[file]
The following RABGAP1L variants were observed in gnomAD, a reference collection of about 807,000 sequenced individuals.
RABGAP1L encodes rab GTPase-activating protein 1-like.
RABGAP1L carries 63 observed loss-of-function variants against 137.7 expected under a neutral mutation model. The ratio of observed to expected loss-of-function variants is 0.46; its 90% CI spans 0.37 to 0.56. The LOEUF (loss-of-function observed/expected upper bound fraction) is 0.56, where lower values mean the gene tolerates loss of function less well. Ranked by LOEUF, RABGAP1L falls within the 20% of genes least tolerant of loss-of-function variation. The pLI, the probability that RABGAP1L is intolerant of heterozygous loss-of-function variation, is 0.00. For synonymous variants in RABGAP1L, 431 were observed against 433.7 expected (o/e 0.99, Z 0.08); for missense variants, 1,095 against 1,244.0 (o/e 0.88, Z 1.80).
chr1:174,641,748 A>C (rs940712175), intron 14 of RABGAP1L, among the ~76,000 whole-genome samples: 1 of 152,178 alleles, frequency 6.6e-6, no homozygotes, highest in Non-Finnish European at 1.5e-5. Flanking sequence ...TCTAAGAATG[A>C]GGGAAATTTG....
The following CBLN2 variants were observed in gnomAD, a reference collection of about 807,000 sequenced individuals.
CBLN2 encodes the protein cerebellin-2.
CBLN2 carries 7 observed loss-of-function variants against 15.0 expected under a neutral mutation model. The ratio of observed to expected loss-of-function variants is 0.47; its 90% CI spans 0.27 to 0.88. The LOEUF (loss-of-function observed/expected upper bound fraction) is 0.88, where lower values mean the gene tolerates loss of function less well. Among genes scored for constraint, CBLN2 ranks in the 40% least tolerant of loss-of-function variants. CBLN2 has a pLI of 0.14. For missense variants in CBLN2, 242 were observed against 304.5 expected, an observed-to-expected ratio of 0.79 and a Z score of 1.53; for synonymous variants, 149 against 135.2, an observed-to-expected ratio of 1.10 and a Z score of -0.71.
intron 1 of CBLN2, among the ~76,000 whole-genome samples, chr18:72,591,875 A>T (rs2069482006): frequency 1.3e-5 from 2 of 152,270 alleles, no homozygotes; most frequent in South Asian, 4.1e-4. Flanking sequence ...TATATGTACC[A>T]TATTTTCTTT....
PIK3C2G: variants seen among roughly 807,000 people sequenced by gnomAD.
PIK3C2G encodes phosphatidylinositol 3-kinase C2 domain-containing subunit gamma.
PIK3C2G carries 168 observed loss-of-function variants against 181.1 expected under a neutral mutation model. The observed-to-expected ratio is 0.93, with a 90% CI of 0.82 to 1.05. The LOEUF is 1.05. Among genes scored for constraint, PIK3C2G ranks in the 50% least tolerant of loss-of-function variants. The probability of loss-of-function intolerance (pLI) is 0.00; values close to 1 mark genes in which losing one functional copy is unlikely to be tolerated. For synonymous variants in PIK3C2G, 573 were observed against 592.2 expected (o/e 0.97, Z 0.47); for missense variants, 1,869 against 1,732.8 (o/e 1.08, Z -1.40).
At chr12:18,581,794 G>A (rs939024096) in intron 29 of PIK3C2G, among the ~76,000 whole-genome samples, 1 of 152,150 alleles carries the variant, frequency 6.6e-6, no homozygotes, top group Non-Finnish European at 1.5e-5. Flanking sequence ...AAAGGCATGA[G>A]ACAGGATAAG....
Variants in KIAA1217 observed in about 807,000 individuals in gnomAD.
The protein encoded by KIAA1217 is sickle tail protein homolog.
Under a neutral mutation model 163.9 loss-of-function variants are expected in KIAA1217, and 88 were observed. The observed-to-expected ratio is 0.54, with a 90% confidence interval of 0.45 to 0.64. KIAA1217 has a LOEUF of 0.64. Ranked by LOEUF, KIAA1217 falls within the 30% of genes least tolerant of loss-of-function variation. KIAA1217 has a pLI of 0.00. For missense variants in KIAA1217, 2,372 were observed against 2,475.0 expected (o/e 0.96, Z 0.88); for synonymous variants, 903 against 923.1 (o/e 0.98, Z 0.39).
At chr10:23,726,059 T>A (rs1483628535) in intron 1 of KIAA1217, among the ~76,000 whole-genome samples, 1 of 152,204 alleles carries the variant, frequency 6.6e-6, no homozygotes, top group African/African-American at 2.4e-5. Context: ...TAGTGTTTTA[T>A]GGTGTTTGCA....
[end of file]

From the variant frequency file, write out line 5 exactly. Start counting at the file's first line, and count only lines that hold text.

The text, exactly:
The following CBLN2 variants were observed in gnomAD, a reference collection of about 807,000 sequenced individuals.